Saturday, December 1, 2007

Leo Tolstoy, Anna Karenina



The central love story between Anna Karenina and Count Vronsky is compelling and tragic. Anna and the Count have an affair, causing much talk in society. Due to the double standards of the time, while Vronsky may still hold his head high in society, Anna is forced to stay inside and hide her shame.

Anna turns to Vronsky─a dashing military man─as a refuge from her passionless marriage to a pompous, despotic bureaucrat--a move that results not only in the loss of her position in the world, but also in total social ostracism. A situation that fills her with self-doubt, and which ends up destroying her confidence.

A parallel plot follows the contrasting fortunes of Levin (Tolstoy's alter ego, with his deep love of the land) and Kitty, whose marriage thrives and prospers because of mutual commitment, sympathy, and respect. In Anna Karenina, Tolstoy reaches deep into his own experiences and his observations of family and friends to create a picture of Russian society that reaches from the high life in St. Petersburg and Moscow to the idyllic rural existence of Kitty and Levin.


Tolstoy shows Anna Karenina as a young woman who finds herself in a loveless and hopeless marriage. But this fact might not have seemed so intolerable had she not met and fallen in love with Count Vronsky. But she did and the affair commenced. In contrast to Anna's tragic affair, we hear about the relationship between Kitty and Levin, a conjugal, idealized love match. Levin is first rejected by Kitty because she has her heart set on Count Vronsky whose affections are already taken by Anna Karenina. Brokenhearted, Kitty eventually turns back to Levin for love and marriage.

In the character of Anna, Tolstoy creates a woman fated for tragedy.


Anna falls in love blindly with Count Vronsky. Although she could well have continued the relationship in secret she defies the "rules," by having her affair in the public’s eye. For this she is forced to lose all contact with her son; she is shunned from proper society, and forced to pay the ultimate price.

The length of this novel might be overwhelming to many readers. But─in a work of art─it couldn’t be otherwise as each character had to be depicted in detail and each situation covered fully.

This book is rich in psychological insights as it gives you the feeling that is really about people. Their personalities are worked out so well that you can really feel their pain as well as their pleasure. At the beginning, I had the odd impression that all the characters were presented as good people, but later we see them for what they are: some good, others bad, and a few really repulsive.


We follow the eponymus heroine─loveless, unloved, a doomed pariah─to social ruin and ultimately to her death. Beneath the drama and the tragedy we find discussions of Russian politics and the introduction of some socialist ideas, topics which are interesting indeed─but inimical to the towering humanity of Anna Karenina.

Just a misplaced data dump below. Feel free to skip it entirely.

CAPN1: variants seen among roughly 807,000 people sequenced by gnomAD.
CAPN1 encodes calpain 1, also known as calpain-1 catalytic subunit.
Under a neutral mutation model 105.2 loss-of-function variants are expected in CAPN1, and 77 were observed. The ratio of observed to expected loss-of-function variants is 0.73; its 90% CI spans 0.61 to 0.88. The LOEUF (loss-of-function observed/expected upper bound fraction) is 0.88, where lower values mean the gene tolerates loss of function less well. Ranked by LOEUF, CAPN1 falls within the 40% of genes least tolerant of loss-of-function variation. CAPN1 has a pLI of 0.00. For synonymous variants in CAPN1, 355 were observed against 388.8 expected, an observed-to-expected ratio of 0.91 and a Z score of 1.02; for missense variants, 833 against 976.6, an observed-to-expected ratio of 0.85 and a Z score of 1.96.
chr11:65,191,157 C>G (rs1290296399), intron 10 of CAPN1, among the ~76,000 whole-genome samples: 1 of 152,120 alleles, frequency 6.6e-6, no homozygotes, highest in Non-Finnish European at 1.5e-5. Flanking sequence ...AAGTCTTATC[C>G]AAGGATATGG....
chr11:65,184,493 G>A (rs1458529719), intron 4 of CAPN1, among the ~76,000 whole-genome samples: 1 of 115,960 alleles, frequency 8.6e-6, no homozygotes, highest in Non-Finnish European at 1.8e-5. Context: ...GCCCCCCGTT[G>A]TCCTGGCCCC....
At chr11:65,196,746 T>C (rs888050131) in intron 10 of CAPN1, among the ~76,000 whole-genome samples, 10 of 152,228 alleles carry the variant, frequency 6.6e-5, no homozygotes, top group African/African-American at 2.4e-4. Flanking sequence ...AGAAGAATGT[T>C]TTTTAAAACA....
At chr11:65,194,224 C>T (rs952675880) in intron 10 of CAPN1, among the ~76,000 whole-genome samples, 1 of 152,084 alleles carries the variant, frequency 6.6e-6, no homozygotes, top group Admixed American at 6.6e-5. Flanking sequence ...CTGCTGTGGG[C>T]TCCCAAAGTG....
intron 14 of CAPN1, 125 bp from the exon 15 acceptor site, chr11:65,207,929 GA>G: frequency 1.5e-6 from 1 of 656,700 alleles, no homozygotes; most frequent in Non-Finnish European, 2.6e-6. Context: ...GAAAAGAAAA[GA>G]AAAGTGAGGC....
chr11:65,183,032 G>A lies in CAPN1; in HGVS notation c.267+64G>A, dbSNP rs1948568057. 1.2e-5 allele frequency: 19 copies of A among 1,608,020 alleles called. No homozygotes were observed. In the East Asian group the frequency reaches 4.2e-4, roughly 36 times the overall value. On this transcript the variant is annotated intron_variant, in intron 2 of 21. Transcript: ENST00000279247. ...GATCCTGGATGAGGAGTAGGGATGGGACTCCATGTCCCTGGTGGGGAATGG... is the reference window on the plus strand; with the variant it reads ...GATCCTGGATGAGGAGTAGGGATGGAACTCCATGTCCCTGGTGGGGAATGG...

The characterisations are dazzling and the prose superb, lyrical at times. Although the novel is long, the plot moves at a rapid pace. The sense of impending doom is palpable and in some passages it becomes almost unbearable. Tense. Tout like the strings of a violin. Tolstoy shows his understanding of the human heart in this masterpiece.

The story is undoubtedly one of the greatest of all times. Worth reading again and again. Re-read, or give a this book for Christmas--you'll be remembered for it. So, order a few copies and make your friends and relatives happy!

The writing techniques I employ in this article are all explained in Mary Duffy's writing manual:

www.writerivetingprose.com



Augustine, City of God
Austen J, Pride and Prejudice
Austen J, "Marriage Proposals and Me"
Austen J, Emma
Borges, The Aleph
C. Bronte, Jane Eyre
Burroughs E,Tarzan
Cervantes, Don Quijote
Chaucer, Wife of Bath
Coelho P,The Alchemist
Coyle H, They Are Soldiers
Dante, New Life
Dickens C, David Copperfield
Dostoevsky, Crime&Punishment
ConanDoyle,Hound of Baskervilles
Dubner S, Superfreakonomics

DuMaurier D, Rebecca
Ellis B. E. American Psycho
Fitzgerald S, Great Gatsby
Flaubert G, Madame Bovary
Fleming I,Doctor No
Freud S, Leonardo Da Vinci
Friedan B, Feminine Mystique
GarciaMarquez, Of Love & OtherDemons
GarciaMarquez,OneHundredYrs
Guerrero M,ThePoison Pill

Grass G, The Tin Drum
Harris T, Hannibal Rising
Heidegger M,House of Being
Ishiguro K, Remains of The Day
Johnson S,Rasselas
Kafka,Metamorphosis
Kosinski J, The Painted Bird
Lee H,To Kill a Mockingbird
McBain Ed,Gutter and Grave
Murakami H,Wind-Up Bird Chronicle
Nabokov V, Lolita
Meyer, S, Twilight
Ortega,Dehumanization of Art
Poe E A, Gordon Pym
Prose F, Reading Like a Writer
Rushdie S,Midnight Children
Sabatini R, Scaramouche
Spark M, Prime of Miss Brodie

Stendhal, Red and Black
Sterne L,Tristram Shandy
Stevenson R, Dr.Jekyll & Mr.Hyde
Stoker B, Dracula
Thackeray W,History of Pendennis
Tolstoy L, Anna Karenina
Trollope A, Autobiography
Unamuno M, Tragic Sense of Life
Voltaire, Candide
Webb J, Fields of Fire
Wharton E, The House of Mirth
Woolf V, To The Lighhouse


The secrets of 'no-doze' prose:
Mary Duffy's Sentence Openers



Lindsey Vonn after winning the Downhill World ...
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Lindsey Vonn


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